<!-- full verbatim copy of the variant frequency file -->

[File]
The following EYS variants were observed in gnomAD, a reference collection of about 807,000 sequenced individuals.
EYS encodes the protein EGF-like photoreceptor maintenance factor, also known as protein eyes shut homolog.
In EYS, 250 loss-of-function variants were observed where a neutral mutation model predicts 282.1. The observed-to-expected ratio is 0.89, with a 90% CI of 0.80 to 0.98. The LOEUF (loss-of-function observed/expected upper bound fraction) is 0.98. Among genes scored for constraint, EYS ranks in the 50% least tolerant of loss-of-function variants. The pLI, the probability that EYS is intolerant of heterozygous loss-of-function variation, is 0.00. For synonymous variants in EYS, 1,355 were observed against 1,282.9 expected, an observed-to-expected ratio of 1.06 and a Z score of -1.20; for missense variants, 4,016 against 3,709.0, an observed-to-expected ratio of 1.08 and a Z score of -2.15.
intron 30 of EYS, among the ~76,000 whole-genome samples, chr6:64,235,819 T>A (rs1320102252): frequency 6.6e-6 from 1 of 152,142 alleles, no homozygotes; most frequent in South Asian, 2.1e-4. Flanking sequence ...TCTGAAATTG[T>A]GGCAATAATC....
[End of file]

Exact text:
The following EYS variants were observed in gnomAD, a reference collection of about 807,000 sequenced individuals.
EYS encodes the protein EGF-like photoreceptor maintenance factor, also known as protein eyes shut homolog.
In EYS, 250 loss-of-function variants were observed where a neutral mutation model predicts 282.1. The observed-to-expected ratio is 0.89, with a 90% CI of 0.80 to 0.98. The LOEUF (loss-of-function observed/expected upper bound fraction) is 0.98. Among genes scored for constraint, EYS ranks in the 50% least tolerant of loss-of-function variants. The pLI, the probability that EYS is intolerant of heterozygous loss-of-function variation, is 0.00. For synonymous variants in EYS, 1,355 were observed against 1,282.9 expected, an observed-to-expected ratio of 1.06 and a Z score of -1.20; for missense variants, 4,016 against 3,709.0, an observed-to-expected ratio of 1.08 and a Z score of -2.15.
intron 30 of EYS, among the ~76,000 whole-genome samples, chr6:64,235,819 T>A (rs1320102252): frequency 6.6e-6 from 1 of 152,142 alleles, no homozygotes; most frequent in South Asian, 2.1e-4. Flanking sequence ...TCTGAAATTG[T>A]GGCAATAATC....